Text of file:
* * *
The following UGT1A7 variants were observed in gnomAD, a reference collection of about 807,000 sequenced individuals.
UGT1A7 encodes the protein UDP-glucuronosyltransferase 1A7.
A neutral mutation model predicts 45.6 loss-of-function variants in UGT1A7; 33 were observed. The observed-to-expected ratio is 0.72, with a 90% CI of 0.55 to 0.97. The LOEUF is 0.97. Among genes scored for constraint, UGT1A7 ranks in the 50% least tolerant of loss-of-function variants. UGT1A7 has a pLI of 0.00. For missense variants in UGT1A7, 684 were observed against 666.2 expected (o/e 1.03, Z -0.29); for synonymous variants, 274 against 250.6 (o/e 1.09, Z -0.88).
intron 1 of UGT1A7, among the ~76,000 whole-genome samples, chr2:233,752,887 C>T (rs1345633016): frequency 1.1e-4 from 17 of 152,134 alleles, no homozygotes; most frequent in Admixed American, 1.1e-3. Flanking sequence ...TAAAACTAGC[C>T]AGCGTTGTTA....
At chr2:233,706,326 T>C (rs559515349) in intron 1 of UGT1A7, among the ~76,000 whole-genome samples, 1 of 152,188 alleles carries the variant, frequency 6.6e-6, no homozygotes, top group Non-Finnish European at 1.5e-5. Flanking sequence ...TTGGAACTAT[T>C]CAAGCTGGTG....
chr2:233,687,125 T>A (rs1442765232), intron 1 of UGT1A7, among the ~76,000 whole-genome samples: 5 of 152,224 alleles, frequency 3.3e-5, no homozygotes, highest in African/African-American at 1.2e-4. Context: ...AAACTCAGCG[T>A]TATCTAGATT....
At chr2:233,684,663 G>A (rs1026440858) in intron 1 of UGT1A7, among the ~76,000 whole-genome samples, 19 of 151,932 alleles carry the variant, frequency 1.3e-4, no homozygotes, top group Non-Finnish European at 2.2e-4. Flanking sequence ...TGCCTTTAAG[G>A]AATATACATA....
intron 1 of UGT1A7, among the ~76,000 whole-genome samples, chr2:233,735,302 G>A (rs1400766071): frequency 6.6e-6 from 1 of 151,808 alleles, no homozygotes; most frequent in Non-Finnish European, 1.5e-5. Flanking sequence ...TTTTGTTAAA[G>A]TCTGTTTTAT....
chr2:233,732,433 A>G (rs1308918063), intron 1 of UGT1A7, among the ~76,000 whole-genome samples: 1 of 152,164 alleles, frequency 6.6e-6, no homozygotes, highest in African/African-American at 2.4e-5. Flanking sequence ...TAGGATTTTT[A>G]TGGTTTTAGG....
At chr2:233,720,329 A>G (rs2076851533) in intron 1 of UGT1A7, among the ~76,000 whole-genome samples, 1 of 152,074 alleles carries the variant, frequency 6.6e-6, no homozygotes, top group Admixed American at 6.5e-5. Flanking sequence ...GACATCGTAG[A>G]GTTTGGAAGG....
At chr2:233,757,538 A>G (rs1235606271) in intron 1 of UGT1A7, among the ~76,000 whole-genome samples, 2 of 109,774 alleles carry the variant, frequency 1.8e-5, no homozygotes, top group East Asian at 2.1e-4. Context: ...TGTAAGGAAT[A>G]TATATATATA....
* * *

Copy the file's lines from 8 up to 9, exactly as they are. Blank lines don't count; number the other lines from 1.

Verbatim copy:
intron 1 of UGT1A7, among the ~76,000 whole-genome samples, chr2:233,735,302 G>A (rs1400766071): frequency 6.6e-6 from 1 of 151,808 alleles, no homozygotes; most frequent in Non-Finnish European, 1.5e-5. Flanking sequence ...TTTTGTTAAA[G>A]TCTGTTTTAT....
chr2:233,732,433 A>G (rs1308918063), intron 1 of UGT1A7, among the ~76,000 whole-genome samples: 1 of 152,164 alleles, frequency 6.6e-6, no homozygotes, highest in African/African-American at 2.4e-5. Flanking sequence ...TAGGATTTTT[A>G]TGGTTTTAGG....